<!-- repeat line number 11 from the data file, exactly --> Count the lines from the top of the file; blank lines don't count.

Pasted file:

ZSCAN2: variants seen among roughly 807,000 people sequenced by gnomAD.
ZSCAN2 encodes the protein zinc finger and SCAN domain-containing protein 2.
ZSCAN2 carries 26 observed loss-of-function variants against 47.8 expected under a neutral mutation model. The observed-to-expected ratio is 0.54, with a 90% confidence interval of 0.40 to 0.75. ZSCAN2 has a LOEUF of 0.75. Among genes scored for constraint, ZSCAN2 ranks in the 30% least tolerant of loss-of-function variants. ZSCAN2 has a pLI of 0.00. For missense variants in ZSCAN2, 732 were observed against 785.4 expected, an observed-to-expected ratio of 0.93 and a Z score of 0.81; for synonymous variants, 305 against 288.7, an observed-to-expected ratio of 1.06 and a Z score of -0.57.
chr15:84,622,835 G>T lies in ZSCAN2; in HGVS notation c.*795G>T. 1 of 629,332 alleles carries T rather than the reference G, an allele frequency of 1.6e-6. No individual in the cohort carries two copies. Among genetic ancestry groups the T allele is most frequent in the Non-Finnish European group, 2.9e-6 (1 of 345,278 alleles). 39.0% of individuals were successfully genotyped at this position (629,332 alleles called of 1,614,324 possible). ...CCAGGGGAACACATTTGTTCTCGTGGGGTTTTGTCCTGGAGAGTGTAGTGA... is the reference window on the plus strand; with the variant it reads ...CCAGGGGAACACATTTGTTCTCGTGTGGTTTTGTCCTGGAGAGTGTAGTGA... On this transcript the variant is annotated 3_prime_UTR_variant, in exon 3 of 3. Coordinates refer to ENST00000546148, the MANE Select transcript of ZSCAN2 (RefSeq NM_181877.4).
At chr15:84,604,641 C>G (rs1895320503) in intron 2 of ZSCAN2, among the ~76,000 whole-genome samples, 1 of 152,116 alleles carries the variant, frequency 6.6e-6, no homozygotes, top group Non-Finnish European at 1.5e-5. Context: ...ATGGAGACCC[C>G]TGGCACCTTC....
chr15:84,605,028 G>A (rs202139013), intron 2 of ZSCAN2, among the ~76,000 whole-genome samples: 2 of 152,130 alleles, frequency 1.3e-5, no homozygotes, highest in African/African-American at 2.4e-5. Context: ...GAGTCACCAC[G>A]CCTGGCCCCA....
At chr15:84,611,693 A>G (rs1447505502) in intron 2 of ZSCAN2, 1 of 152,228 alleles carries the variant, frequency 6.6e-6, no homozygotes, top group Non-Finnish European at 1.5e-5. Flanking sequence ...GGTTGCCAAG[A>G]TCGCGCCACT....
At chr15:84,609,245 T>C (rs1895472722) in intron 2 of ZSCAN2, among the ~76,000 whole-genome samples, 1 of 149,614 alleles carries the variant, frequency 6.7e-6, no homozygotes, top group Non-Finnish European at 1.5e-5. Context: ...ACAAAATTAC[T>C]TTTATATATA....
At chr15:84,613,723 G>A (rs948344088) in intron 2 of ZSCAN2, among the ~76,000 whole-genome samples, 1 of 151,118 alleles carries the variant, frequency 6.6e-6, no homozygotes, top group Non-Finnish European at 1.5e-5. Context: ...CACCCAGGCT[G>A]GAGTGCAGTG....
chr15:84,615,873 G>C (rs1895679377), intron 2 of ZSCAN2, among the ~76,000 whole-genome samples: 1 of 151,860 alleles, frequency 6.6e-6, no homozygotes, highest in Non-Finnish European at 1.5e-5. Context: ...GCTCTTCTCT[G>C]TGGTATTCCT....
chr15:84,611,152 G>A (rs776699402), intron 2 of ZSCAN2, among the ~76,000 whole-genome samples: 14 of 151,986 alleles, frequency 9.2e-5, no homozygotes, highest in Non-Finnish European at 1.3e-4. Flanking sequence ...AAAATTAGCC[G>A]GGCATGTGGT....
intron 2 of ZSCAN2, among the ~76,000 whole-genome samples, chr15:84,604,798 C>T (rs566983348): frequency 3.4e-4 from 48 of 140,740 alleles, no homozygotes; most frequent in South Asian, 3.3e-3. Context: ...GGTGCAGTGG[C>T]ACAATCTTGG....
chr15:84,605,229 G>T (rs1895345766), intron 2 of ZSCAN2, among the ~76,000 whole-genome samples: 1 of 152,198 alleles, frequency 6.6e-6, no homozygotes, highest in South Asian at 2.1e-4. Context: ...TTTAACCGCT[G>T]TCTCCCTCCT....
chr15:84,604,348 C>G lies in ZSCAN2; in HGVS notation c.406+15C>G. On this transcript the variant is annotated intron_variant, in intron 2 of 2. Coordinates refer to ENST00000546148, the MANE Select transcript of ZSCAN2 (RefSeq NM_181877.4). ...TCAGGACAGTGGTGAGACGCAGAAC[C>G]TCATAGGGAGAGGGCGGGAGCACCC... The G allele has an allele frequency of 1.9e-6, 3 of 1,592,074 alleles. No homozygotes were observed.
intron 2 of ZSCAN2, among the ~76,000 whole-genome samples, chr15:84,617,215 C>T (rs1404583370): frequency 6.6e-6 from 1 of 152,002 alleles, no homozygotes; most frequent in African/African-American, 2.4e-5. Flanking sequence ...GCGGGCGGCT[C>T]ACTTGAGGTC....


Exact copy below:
chr15:84,611,152 G>A (rs776699402), intron 2 of ZSCAN2, among the ~76,000 whole-genome samples: 14 of 151,986 alleles, frequency 9.2e-5, no homozygotes, highest in Non-Finnish European at 1.3e-4. Flanking sequence ...AAAATTAGCC[G>A]GGCATGTGGT....